At PMC Polymer Products, we actively pursue the development of flame retardant (FR) compounds and highly loaded FR concentrates for many resin systems. We do this in concert with our customers and raw materials suppliers – our Product Development Teams are constantly involved in hands-on working relationships, working together to create and deploy unique, customer-specific technology.
To assist our sales staff and customers in establishing exacting requirements for their FR product development projects, we created application worksheets. These worksheets ensure that everyone has the required information early in the development process so we can hit the ground running and meet otherwise impossible schedules.
Let me outline the key features of those worksheets for you.
Economic Considerations is the first item on the worksheet, and for a simple reason. The main issue for any product development manager is formulation cost. Price constraints will have a profound influence on the additives and resins selected for the formulation.
Next come the Basic Characteristics. Establishing the resin type and process information helps us focus in on the FR package we’ll use and the possible need for other additives. For each resin, there are several FR candidates, and subsequent questioning will narrow down the options even further.
My intent is not to discuss the numerous FR testing standards, but to point out what type of information might be required.
Let’s consider, for example, the most common FR test, UL-94. The basic test ratings for an FR-loaded product are V-o, V-1, and V-2. V-0 is the best rating; V-2 is lowest-acceptable rating. Materials that do not meet the V-2 minimum fail.
The main observations from the test are burn time, afterglow, dripping, and whether cotton ignition occurs for samples that drip. V-1 products exhibit longer flame or afterglow times than V-0. A V-2 rating has burn criteria similar to V-1 except that cotton ignition due to flaming drips is allowed. The key information required by the PDM is the deserved rating and minimum thickness. It is important to note that a UL-94 rating does not mean that a product is Underwriters Laboratories Certified. To obtain a “yellow card” for a product requires submission of test reports to UL for evaluation. UL Certification adds time and expense to development costs. And, in addition to minimum thickness and flammability ratings, it specifies product color.
So let’s go back to our worksheet and talk about basic packaging characteristics.
There has been considerable interest in non-halogenated products because of the safety and environmental concerns associated with halogenated products – notably for companies supplying European markets. The main issues associated with non-halogenated materials involve the nature of the FR additive; generally they concern combinations of higher loadings, higher costs, and more significant physical property degradation relative to halogenated materials. Additionally, many non-halogenated raw materials are not capable of being compounded into concentrates.
Molecules based on bromine, and to a lesser extent chlorine, are the workhorses of many FR formulations, and there are usually several different FR options for a given resin system. These choices can easily be narrowed down based on information supplied by the customer: FR rating, price, bloom, UV stability, and the desired physical properties of the final product. The choice might also depend on performance trade-offs, quality, chemical compatibility, availability, or customer preference.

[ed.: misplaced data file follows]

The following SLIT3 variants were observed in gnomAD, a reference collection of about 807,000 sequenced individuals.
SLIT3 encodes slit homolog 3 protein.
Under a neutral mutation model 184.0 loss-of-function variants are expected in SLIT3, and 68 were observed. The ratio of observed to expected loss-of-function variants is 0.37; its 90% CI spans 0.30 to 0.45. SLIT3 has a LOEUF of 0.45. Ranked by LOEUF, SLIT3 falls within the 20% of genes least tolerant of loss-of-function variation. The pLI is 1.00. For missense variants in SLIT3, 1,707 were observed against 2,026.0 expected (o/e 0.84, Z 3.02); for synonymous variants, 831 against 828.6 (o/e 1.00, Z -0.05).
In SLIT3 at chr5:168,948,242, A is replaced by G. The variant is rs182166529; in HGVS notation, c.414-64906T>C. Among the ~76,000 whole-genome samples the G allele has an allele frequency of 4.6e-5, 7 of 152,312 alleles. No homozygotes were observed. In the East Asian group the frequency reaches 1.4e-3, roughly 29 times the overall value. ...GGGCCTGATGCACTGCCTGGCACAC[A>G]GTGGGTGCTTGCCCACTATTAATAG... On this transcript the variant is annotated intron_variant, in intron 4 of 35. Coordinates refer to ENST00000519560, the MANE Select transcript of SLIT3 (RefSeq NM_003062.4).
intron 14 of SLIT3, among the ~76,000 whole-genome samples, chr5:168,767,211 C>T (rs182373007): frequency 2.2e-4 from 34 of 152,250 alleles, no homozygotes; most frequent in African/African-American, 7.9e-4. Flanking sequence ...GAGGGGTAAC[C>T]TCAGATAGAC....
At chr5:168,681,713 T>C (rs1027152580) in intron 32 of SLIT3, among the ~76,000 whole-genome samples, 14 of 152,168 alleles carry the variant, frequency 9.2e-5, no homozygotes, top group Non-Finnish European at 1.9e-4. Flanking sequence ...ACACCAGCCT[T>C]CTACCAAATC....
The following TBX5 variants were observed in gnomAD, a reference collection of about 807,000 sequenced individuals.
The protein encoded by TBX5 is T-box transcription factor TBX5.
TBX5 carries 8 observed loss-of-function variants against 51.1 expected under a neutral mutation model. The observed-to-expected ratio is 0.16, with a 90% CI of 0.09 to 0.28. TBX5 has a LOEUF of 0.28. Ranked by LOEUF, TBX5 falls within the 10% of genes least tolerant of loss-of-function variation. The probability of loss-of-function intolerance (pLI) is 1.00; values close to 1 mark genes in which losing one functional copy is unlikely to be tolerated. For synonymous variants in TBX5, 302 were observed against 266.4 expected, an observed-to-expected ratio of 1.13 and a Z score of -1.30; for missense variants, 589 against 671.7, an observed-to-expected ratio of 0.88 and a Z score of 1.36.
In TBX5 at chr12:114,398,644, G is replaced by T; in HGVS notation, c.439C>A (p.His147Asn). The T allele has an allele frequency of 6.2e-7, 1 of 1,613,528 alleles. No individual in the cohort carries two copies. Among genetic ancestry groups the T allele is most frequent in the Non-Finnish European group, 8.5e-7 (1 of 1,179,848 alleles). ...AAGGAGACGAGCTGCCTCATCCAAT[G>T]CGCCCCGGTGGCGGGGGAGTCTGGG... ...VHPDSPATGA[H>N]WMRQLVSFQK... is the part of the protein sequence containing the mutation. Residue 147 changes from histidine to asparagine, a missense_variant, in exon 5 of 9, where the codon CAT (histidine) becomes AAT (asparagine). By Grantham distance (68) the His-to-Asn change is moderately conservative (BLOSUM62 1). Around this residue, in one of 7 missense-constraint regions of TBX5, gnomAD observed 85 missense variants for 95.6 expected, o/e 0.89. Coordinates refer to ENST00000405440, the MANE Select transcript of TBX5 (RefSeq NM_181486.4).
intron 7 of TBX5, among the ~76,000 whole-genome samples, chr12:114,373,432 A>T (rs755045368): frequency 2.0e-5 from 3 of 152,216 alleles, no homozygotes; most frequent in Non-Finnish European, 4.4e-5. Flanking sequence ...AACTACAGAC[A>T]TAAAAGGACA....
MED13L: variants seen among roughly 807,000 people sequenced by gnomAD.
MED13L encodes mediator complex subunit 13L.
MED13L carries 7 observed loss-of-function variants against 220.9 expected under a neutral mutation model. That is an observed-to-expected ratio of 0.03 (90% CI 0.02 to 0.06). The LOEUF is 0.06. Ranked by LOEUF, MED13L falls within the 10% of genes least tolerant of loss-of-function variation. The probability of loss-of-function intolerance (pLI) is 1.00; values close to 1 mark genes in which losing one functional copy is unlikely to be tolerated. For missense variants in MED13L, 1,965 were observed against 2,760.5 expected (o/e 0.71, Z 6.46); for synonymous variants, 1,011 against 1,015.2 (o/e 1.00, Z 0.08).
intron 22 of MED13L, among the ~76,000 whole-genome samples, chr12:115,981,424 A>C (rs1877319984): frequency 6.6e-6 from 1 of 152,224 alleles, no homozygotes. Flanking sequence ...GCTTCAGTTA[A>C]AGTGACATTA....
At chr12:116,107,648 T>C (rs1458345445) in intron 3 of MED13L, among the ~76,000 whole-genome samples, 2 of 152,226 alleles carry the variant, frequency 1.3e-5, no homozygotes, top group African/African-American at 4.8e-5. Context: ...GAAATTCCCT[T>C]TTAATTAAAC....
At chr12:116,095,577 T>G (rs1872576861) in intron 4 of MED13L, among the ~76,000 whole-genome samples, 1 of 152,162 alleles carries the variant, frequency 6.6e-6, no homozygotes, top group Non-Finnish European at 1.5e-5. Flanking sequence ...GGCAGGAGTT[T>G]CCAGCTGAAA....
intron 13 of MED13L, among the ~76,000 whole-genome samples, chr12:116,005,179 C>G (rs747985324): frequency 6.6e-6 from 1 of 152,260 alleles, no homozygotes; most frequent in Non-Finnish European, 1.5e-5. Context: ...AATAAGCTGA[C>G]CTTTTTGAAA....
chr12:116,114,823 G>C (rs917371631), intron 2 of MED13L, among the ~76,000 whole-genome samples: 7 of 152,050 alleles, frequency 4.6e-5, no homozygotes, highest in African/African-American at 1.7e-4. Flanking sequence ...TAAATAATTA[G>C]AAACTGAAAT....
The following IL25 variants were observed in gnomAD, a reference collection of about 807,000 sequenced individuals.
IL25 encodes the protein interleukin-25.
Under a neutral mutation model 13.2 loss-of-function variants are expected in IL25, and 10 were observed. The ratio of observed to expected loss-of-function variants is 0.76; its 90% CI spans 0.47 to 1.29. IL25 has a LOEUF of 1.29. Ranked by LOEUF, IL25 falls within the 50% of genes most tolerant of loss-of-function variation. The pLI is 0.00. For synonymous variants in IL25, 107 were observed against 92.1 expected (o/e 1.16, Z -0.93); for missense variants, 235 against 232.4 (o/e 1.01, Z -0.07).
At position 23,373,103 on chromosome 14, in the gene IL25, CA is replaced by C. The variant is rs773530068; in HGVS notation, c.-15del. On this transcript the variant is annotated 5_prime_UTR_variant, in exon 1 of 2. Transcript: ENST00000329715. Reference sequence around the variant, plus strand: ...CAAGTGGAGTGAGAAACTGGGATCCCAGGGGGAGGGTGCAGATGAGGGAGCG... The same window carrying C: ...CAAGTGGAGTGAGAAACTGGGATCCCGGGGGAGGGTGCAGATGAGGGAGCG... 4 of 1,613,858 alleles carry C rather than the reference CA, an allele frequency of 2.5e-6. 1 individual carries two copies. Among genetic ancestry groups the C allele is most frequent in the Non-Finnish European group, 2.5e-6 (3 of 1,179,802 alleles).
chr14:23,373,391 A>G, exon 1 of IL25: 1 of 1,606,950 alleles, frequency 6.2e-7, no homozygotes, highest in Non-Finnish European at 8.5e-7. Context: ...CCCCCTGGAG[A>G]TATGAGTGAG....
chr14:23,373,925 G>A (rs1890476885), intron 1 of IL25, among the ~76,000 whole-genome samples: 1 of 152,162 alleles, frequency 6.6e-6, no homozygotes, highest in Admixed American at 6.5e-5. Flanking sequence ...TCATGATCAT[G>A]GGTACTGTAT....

Customer preferences regarding FR selection have usually indicated a desire to NOT have a particular FR in the formulation. The most common of these are the brominated diphenyloxides such as decabromodiphenyloxide and octabromodiphenyloxide. These are often referred to as deca, octa, BBDPE’s, BBDPO’s, DBBPE, DBBPO, ODBBPE, and a number of other descriptors. This group of FRs has gradually been phased out and should not currently cause any confusion.
Customers may still indicate that they want a non-deca product. This usually means that they want a brominated FR but not a diphenyloxide. People occasionally confuse non-deca with non-hal. It is important to remember is that not all non-deca formulations are non-halogenated, but all non-halogenated formulations are non-deca.
While we’re on the subject of FR additives, now is a good time to discuss additional additives that may be incorporated into the formulation to enhance appearance, processing, stability, or other physical properties. Such additives may include antioxidants, UV stabilizers, processing aids, impact modifiers, and pigments. PDMs also need to know if other materials might need to be added during processing. This knowledge helps the PDM determine whether the FR characteristics of the formulation need to be enhanced. Also, keep in mind that these other additives may be more effective if incorporated at the initial compounding stage.
Now, incorporating additives into plastics can affect the properties of the resin itself. The effects may be minimal or they may be significant. They may be positive, negative, or a combination of both.
Knowing the effects of the additives used, coupled with a detailed physical property profile, enables the PDM to select an appropriate base resin for formulation of the product.
Occasionally, it may not be possible to obtain all of the desired physical properties. In these instances, it may be necessary to determine whether trade-offs can be made. It would be beneficial to identify early in the process which factors are critical vs. which ones are merely desired.